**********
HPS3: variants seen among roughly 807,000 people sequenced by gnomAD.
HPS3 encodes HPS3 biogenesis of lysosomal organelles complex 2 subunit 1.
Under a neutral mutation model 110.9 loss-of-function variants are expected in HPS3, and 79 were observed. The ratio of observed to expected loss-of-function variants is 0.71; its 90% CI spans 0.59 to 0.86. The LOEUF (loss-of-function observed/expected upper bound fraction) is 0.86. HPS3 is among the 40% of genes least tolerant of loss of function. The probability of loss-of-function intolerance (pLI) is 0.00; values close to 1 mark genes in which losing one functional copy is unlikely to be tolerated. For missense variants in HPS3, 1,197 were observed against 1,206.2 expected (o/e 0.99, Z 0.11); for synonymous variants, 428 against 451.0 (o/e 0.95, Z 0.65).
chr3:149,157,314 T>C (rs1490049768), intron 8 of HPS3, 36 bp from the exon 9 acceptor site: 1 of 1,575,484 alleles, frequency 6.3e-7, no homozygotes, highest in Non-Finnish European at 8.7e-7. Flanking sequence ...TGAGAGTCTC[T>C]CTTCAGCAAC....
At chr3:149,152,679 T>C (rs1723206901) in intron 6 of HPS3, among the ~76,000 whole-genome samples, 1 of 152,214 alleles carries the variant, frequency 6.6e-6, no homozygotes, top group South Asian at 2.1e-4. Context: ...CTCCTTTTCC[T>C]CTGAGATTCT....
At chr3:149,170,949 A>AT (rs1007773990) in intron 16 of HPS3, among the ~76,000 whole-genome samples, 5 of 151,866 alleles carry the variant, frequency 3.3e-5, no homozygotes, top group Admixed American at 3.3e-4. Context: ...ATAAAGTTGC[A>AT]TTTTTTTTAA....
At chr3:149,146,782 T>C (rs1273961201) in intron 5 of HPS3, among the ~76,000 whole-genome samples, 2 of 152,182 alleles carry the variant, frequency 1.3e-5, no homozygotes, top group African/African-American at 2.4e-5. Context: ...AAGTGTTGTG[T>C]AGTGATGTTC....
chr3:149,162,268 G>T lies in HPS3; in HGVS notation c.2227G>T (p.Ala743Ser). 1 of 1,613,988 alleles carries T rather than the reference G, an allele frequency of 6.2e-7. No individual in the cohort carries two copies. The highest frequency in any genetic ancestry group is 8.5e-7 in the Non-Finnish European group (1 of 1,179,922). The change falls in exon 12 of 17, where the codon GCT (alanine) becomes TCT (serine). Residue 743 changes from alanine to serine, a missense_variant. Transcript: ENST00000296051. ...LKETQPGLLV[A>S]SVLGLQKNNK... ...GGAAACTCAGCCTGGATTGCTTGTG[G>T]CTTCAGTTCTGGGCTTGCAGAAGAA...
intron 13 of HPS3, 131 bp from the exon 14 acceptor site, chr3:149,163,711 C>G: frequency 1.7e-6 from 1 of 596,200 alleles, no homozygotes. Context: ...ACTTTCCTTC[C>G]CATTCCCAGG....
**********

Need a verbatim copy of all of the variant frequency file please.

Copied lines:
HPS3: variants seen among roughly 807,000 people sequenced by gnomAD.
HPS3 encodes HPS3 biogenesis of lysosomal organelles complex 2 subunit 1.
Under a neutral mutation model 110.9 loss-of-function variants are expected in HPS3, and 79 were observed. The ratio of observed to expected loss-of-function variants is 0.71; its 90% CI spans 0.59 to 0.86. The LOEUF (loss-of-function observed/expected upper bound fraction) is 0.86. HPS3 is among the 40% of genes least tolerant of loss of function. The probability of loss-of-function intolerance (pLI) is 0.00; values close to 1 mark genes in which losing one functional copy is unlikely to be tolerated. For missense variants in HPS3, 1,197 were observed against 1,206.2 expected (o/e 0.99, Z 0.11); for synonymous variants, 428 against 451.0 (o/e 0.95, Z 0.65).
chr3:149,157,314 T>C (rs1490049768), intron 8 of HPS3, 36 bp from the exon 9 acceptor site: 1 of 1,575,484 alleles, frequency 6.3e-7, no homozygotes, highest in Non-Finnish European at 8.7e-7. Flanking sequence ...TGAGAGTCTC[T>C]CTTCAGCAAC....
At chr3:149,152,679 T>C (rs1723206901) in intron 6 of HPS3, among the ~76,000 whole-genome samples, 1 of 152,214 alleles carries the variant, frequency 6.6e-6, no homozygotes, top group South Asian at 2.1e-4. Context: ...CTCCTTTTCC[T>C]CTGAGATTCT....
At chr3:149,170,949 A>AT (rs1007773990) in intron 16 of HPS3, among the ~76,000 whole-genome samples, 5 of 151,866 alleles carry the variant, frequency 3.3e-5, no homozygotes, top group Admixed American at 3.3e-4. Context: ...ATAAAGTTGC[A>AT]TTTTTTTTAA....
At chr3:149,146,782 T>C (rs1273961201) in intron 5 of HPS3, among the ~76,000 whole-genome samples, 2 of 152,182 alleles carry the variant, frequency 1.3e-5, no homozygotes, top group African/African-American at 2.4e-5. Context: ...AAGTGTTGTG[T>C]AGTGATGTTC....
chr3:149,162,268 G>T lies in HPS3; in HGVS notation c.2227G>T (p.Ala743Ser). 1 of 1,613,988 alleles carries T rather than the reference G, an allele frequency of 6.2e-7. No individual in the cohort carries two copies. The highest frequency in any genetic ancestry group is 8.5e-7 in the Non-Finnish European group (1 of 1,179,922). The change falls in exon 12 of 17, where the codon GCT (alanine) becomes TCT (serine). Residue 743 changes from alanine to serine, a missense_variant. Transcript: ENST00000296051. ...LKETQPGLLV[A>S]SVLGLQKNNK... ...GGAAACTCAGCCTGGATTGCTTGTG[G>T]CTTCAGTTCTGGGCTTGCAGAAGAA...
intron 13 of HPS3, 131 bp from the exon 14 acceptor site, chr3:149,163,711 C>G: frequency 1.7e-6 from 1 of 596,200 alleles, no homozygotes. Context: ...ACTTTCCTTC[C>G]CATTCCCAGG....